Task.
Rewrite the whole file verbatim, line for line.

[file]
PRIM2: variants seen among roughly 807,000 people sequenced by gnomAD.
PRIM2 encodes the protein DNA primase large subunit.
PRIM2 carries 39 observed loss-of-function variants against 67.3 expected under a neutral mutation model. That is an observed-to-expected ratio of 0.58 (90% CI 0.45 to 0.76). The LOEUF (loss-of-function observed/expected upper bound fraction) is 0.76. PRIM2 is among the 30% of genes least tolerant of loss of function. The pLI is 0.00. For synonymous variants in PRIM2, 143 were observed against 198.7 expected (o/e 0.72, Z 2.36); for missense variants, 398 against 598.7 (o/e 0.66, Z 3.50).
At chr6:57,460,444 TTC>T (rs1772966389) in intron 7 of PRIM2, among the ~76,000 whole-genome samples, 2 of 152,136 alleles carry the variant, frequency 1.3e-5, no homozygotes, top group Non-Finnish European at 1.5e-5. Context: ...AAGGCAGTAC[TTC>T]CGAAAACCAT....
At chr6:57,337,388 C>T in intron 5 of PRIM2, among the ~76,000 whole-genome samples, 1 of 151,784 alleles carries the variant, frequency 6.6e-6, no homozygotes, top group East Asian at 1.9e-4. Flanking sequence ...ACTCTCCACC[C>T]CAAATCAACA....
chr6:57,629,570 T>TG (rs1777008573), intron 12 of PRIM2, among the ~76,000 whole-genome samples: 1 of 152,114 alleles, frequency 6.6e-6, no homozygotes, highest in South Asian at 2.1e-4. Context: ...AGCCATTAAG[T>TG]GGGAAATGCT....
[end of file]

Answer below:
PRIM2: variants seen among roughly 807,000 people sequenced by gnomAD.
PRIM2 encodes the protein DNA primase large subunit.
PRIM2 carries 39 observed loss-of-function variants against 67.3 expected under a neutral mutation model. That is an observed-to-expected ratio of 0.58 (90% CI 0.45 to 0.76). The LOEUF (loss-of-function observed/expected upper bound fraction) is 0.76. PRIM2 is among the 30% of genes least tolerant of loss of function. The pLI is 0.00. For synonymous variants in PRIM2, 143 were observed against 198.7 expected (o/e 0.72, Z 2.36); for missense variants, 398 against 598.7 (o/e 0.66, Z 3.50).
At chr6:57,460,444 TTC>T (rs1772966389) in intron 7 of PRIM2, among the ~76,000 whole-genome samples, 2 of 152,136 alleles carry the variant, frequency 1.3e-5, no homozygotes, top group Non-Finnish European at 1.5e-5. Context: ...AAGGCAGTAC[TTC>T]CGAAAACCAT....
At chr6:57,337,388 C>T in intron 5 of PRIM2, among the ~76,000 whole-genome samples, 1 of 151,784 alleles carries the variant, frequency 6.6e-6, no homozygotes, top group East Asian at 1.9e-4. Flanking sequence ...ACTCTCCACC[C>T]CAAATCAACA....
chr6:57,629,570 T>TG (rs1777008573), intron 12 of PRIM2, among the ~76,000 whole-genome samples: 1 of 152,114 alleles, frequency 6.6e-6, no homozygotes, highest in South Asian at 2.1e-4. Context: ...AGCCATTAAG[T>TG]GGGAAATGCT....